17 December 2016

Why 2016 has been the Year of the Strongman


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In Aleppo, Bashar al-Assad reasserted control over the city of Aleppo in the most bloody and brutal way possible. In the Philippines, Rodrigo Duterte admitted to personally killing criminal suspects. In Washington, Barack Obama confirmed that Vladimir Putin had meddled in America’s election – but as in Syria, seemed powerless to actually do anything about it.

One of the themes of the week – and the year – has been the rise of the strongman. And it’s entirely understandable: in a world that seems ever more turbulent and troubled, people take comfort in authority.

Even leaders such as Xi Jinping in China, or Britain’s own Theresa May, derive their popularity from the reassurance they offer, the promise that they will deploy their power on behalf of the ordinary citizen. Hence this week’s plan to reposition Jeremy Corbyn as a “left-wing populist” – the fatal flaw being that he has all the charismatic authority of a damp lettuce.

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Part of the package for a true strongman is a willingness to criticise – even rail against – the state that you yourself run. And part of it is a willingness to tear up the rule book – both domestically and internationally – because the approval of the people is more important.

This certainly appears to be the blueprint that Donald Trump is following. When, this week, he summoned the titans of tech to abase themselves before him (an event whose implications were analysed on CapX by David Waywell), the President-elect was entirely upbeat. Trump called the bosses of Amazon, Google and Apple an “amazing group of people” and told them: “I’m here to help you folks do well.”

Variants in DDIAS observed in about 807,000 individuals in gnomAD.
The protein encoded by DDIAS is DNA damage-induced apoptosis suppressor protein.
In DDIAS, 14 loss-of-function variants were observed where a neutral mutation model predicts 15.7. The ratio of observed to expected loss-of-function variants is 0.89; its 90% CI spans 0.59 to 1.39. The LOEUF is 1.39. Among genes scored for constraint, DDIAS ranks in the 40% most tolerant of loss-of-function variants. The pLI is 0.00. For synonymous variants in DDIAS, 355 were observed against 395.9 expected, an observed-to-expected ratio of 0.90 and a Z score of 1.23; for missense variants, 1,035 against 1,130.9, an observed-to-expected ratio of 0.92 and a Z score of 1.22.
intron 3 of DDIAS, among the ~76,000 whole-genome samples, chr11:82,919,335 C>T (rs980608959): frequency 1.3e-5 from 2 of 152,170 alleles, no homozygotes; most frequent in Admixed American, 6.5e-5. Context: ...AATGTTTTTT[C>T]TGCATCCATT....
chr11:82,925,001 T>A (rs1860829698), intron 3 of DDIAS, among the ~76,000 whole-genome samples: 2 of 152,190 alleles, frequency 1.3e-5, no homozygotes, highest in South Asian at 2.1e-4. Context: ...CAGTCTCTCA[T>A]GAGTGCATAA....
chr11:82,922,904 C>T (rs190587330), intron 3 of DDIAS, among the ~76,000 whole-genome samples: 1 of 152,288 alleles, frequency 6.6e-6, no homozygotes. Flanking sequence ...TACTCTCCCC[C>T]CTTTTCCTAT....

But Trump’s affability has a very Vito Corleone feel to it – a sense of favour bestowed and favours expected.

It is this that leads many people to worry about Trump’s autocratic tendencies. Not because Trump and his team will rip up the constitution, but because of the obsessive focus on the President-elect and his personal authority.

Affairs of state under Trump look set to be determined not by long discussions of policy, but by the leader’s whim. That will be informed by the pleas that happen to reach him via Twitter, or the morning TV shows he watches so obsessively, or the court of advisors and family members that surrounds him. (Sure enough, three of Trump’s children joined him around the table in Trump Tower.)

It’s not hard to picture a scenario, as the Trump presidency gets into gear, where Americans are treated to their own version of Hugo Chavez’s weekly show Aló Presidente, or perhaps Russia’s annual Direct Line with Vladimir Putin – a fireside chat for the 21st century, in which the President receives petitions, dispenses largesse, and castigates corrupt officials and greedy companies. Already, trading firms are rewiring their algorithms to dump stock at the first sign of a critical presidential tweet.

In societies ruled by strongmen, circumventing the state, and the rules, becomes a rational way of doing business – because the ultimate source of justice is not the law, but the man at the top.

Elsewhere on CapX
  The real explanation for Brexit and Trump
  With President Trump, flattery is the UK’s best weapon
  How the West should tackle Putin

America is hardly likely to become another Philippines, or China, or Russia. But Lawrence Summers, the former US Treasury Secretary, made a telling point in a recent piece on Trump’s protectionist impulses.

Capitalism works best, Summers said, when it is a system based on rules, and worst when it is a system based on deals.

And America has elected a man to whom the deal means everything – and the rules mean precious little.

Robert Colvile is Editor of CapX.